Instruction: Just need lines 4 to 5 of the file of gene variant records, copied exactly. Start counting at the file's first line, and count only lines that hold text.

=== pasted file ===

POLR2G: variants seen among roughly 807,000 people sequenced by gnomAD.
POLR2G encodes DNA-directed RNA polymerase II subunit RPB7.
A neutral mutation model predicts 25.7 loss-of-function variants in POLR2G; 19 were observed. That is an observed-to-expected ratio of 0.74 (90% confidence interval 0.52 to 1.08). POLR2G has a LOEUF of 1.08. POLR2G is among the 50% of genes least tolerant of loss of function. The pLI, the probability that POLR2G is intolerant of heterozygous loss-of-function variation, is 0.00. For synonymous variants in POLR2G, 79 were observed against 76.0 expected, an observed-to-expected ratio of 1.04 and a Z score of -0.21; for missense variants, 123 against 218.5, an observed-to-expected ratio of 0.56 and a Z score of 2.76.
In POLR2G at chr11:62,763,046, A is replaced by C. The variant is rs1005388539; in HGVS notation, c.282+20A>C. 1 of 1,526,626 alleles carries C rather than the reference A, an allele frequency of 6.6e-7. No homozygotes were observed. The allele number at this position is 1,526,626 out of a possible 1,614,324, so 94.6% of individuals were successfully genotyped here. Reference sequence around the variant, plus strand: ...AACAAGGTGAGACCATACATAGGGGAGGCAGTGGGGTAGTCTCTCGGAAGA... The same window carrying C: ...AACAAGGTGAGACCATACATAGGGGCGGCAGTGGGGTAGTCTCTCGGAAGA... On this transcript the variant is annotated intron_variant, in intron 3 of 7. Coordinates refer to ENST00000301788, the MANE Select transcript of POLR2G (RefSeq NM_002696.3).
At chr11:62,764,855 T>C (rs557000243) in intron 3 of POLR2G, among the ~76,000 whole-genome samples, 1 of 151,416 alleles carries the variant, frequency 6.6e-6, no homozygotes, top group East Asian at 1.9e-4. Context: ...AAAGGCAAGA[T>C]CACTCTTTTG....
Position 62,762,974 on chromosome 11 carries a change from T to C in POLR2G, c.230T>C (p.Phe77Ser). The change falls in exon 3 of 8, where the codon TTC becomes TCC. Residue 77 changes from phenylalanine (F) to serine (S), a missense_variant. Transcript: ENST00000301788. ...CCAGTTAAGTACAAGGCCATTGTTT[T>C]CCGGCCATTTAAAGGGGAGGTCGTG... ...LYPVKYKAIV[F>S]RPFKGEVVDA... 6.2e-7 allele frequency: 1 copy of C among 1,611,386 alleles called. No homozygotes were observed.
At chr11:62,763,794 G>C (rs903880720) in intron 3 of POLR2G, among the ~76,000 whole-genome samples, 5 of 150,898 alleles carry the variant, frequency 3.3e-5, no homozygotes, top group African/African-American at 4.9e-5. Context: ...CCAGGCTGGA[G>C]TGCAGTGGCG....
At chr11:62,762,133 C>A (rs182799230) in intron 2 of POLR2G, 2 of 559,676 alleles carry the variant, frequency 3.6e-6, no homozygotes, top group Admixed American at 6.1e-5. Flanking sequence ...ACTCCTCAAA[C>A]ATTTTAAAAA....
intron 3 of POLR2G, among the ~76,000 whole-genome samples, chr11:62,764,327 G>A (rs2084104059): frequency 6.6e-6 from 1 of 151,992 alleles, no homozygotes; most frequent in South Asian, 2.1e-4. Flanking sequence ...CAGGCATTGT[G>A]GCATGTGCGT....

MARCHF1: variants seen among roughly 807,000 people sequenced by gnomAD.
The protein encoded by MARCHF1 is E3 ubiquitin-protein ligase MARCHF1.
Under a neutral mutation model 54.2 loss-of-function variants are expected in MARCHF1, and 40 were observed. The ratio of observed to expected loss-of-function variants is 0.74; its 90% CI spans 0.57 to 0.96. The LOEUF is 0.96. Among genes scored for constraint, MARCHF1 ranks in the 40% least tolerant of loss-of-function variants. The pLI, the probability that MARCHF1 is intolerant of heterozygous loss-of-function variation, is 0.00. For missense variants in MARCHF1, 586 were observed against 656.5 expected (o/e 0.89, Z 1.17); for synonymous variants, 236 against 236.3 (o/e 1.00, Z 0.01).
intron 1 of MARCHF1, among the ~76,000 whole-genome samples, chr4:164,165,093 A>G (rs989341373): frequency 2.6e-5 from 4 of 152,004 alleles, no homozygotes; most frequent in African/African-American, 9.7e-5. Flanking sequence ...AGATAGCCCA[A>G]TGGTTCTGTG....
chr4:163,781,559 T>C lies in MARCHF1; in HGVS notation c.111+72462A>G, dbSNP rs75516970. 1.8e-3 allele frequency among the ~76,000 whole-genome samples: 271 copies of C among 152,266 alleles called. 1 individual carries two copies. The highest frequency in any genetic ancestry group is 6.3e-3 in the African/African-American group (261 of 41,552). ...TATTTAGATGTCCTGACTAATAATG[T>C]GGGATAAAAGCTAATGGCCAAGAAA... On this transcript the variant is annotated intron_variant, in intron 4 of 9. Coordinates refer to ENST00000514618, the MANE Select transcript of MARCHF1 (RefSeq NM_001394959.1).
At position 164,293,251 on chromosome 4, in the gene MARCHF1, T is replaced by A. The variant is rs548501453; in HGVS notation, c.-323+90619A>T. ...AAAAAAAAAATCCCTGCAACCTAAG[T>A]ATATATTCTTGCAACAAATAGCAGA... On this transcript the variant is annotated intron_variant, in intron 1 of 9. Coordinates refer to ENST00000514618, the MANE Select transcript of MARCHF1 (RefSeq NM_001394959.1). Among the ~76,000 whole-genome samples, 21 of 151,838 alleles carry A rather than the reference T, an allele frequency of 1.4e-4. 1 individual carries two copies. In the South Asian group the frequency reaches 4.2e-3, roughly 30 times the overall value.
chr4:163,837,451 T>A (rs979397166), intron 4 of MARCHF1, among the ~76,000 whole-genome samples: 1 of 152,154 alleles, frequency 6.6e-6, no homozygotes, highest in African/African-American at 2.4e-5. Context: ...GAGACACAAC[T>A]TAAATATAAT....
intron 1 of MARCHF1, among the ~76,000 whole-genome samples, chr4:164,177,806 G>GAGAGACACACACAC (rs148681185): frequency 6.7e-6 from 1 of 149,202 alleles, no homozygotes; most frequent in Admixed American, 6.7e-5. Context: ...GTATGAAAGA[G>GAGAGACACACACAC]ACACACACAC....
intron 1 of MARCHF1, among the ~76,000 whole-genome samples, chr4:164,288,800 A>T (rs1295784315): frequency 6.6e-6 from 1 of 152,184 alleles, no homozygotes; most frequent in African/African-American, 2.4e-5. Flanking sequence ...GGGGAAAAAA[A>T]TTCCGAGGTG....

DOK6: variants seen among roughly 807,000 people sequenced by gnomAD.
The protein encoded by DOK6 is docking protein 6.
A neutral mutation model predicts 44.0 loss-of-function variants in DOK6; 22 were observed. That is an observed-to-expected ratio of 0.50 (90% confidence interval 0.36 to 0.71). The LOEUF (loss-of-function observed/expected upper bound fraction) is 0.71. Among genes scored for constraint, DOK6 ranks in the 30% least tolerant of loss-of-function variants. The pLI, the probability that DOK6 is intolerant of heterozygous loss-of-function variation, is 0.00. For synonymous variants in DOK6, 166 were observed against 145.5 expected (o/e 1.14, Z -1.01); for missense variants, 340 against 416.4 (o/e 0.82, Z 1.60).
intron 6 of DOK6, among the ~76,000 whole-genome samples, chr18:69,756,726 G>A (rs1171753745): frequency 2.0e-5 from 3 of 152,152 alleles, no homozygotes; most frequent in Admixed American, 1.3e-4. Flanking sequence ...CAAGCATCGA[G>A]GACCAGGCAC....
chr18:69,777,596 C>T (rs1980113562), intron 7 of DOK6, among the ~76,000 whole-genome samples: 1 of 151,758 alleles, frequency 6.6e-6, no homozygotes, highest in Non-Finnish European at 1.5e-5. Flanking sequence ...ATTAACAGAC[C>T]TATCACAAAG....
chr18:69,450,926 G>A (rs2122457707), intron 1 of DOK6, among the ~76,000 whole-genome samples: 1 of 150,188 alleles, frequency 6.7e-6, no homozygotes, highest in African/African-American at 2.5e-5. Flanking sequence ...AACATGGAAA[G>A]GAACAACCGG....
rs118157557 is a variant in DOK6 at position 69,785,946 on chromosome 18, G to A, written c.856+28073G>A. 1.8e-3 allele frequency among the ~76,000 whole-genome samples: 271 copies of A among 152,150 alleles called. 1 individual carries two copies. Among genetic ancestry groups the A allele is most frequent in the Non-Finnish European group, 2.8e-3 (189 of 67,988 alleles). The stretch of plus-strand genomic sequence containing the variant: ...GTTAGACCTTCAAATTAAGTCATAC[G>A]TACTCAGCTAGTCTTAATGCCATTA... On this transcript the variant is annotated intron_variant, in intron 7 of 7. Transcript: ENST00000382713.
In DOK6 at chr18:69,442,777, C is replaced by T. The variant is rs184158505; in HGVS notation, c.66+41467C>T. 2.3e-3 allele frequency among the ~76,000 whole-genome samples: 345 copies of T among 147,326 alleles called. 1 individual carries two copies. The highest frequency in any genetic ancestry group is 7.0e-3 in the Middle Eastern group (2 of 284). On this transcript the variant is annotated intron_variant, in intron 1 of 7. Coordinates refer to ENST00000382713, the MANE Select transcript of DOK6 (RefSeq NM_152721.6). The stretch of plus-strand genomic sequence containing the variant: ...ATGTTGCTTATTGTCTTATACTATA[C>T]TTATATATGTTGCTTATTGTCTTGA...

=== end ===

In POLR2G at chr11:62,763,046, A is replaced by C. The variant is rs1005388539; in HGVS notation, c.282+20A>C. 1 of 1,526,626 alleles carries C rather than the reference A, an allele frequency of 6.6e-7. No homozygotes were observed. The allele number at this position is 1,526,626 out of a possible 1,614,324, so 94.6% of individuals were successfully genotyped here. Reference sequence around the variant, plus strand: ...AACAAGGTGAGACCATACATAGGGGAGGCAGTGGGGTAGTCTCTCGGAAGA... The same window carrying C: ...AACAAGGTGAGACCATACATAGGGGCGGCAGTGGGGTAGTCTCTCGGAAGA... On this transcript the variant is annotated intron_variant, in intron 3 of 7. Coordinates refer to ENST00000301788, the MANE Select transcript of POLR2G (RefSeq NM_002696.3).
At chr11:62,764,855 T>C (rs557000243) in intron 3 of POLR2G, among the ~76,000 whole-genome samples, 1 of 151,416 alleles carries the variant, frequency 6.6e-6, no homozygotes, top group East Asian at 1.9e-4. Context: ...AAAGGCAAGA[T>C]CACTCTTTTG....